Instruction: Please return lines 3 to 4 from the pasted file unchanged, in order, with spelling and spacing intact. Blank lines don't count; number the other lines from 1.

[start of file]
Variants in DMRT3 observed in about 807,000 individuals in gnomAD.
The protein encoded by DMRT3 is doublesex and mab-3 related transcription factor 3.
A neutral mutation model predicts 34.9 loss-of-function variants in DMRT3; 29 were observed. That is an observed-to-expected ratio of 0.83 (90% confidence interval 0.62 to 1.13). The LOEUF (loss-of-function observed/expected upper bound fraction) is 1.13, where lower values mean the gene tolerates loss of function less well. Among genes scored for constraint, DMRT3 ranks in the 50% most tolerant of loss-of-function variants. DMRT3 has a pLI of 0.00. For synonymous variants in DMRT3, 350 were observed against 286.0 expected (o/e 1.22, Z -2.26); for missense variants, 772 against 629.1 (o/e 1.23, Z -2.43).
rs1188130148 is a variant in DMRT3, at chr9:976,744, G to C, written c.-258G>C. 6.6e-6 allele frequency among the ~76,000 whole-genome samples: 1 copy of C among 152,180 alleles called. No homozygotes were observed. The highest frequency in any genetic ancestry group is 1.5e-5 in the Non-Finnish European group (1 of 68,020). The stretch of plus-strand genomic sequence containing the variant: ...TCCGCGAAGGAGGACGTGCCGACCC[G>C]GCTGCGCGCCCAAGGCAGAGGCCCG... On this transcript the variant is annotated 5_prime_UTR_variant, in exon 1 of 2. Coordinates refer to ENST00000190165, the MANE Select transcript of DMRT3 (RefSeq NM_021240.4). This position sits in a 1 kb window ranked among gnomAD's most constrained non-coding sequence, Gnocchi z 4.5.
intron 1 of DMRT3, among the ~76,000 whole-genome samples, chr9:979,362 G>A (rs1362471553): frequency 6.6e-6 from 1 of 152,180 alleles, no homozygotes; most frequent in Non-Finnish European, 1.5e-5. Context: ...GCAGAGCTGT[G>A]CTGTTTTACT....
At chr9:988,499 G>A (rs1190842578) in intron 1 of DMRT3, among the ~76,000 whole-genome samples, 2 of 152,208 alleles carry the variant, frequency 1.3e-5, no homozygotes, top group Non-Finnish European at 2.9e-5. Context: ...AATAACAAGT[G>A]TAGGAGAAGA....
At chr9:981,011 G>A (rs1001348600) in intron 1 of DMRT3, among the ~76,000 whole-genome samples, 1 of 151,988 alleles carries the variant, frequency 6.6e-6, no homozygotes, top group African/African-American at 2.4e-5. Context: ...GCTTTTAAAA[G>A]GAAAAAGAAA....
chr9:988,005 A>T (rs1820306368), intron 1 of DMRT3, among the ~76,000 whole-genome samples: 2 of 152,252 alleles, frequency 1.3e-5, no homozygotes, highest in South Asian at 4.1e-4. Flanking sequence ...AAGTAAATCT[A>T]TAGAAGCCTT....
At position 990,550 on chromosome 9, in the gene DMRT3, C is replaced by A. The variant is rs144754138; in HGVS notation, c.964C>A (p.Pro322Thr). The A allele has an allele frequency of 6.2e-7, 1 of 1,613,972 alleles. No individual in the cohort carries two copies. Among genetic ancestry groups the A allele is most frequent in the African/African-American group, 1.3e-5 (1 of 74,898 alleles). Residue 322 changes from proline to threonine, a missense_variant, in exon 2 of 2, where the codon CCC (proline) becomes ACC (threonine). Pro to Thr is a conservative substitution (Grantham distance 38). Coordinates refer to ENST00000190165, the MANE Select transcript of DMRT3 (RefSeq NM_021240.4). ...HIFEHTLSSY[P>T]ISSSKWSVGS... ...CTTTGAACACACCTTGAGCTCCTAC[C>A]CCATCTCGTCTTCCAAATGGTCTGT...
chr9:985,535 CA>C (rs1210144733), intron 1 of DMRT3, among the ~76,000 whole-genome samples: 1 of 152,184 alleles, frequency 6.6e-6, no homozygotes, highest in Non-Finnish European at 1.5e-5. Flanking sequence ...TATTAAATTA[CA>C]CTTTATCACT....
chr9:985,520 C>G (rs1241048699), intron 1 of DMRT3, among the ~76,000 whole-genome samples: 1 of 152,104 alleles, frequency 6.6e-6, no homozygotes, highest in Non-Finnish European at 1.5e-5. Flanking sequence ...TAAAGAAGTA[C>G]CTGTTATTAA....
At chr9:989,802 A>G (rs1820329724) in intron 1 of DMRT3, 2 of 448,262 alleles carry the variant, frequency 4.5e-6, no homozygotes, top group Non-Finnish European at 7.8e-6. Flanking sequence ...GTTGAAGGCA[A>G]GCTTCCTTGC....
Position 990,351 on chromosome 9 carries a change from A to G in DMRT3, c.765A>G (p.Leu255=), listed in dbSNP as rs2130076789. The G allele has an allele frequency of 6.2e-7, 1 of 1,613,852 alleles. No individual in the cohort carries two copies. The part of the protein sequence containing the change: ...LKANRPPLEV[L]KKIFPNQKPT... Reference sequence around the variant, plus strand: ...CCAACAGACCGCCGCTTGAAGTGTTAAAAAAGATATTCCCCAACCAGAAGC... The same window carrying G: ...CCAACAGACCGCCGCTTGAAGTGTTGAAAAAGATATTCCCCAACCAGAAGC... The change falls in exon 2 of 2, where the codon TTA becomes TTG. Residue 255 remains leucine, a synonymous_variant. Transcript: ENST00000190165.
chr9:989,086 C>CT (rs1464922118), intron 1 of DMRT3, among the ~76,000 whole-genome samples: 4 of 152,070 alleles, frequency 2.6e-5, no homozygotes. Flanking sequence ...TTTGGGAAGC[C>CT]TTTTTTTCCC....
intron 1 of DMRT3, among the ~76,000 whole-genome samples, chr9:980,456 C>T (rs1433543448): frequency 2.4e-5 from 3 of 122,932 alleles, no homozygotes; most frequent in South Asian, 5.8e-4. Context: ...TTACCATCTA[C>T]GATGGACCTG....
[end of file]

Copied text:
A neutral mutation model predicts 34.9 loss-of-function variants in DMRT3; 29 were observed. That is an observed-to-expected ratio of 0.83 (90% confidence interval 0.62 to 1.13). The LOEUF (loss-of-function observed/expected upper bound fraction) is 1.13, where lower values mean the gene tolerates loss of function less well. Among genes scored for constraint, DMRT3 ranks in the 50% most tolerant of loss-of-function variants. DMRT3 has a pLI of 0.00. For synonymous variants in DMRT3, 350 were observed against 286.0 expected (o/e 1.22, Z -2.26); for missense variants, 772 against 629.1 (o/e 1.23, Z -2.43).
rs1188130148 is a variant in DMRT3, at chr9:976,744, G to C, written c.-258G>C. 6.6e-6 allele frequency among the ~76,000 whole-genome samples: 1 copy of C among 152,180 alleles called. No homozygotes were observed. The highest frequency in any genetic ancestry group is 1.5e-5 in the Non-Finnish European group (1 of 68,020). The stretch of plus-strand genomic sequence containing the variant: ...TCCGCGAAGGAGGACGTGCCGACCC[G>C]GCTGCGCGCCCAAGGCAGAGGCCCG... On this transcript the variant is annotated 5_prime_UTR_variant, in exon 1 of 2. Coordinates refer to ENST00000190165, the MANE Select transcript of DMRT3 (RefSeq NM_021240.4). This position sits in a 1 kb window ranked among gnomAD's most constrained non-coding sequence, Gnocchi z 4.5.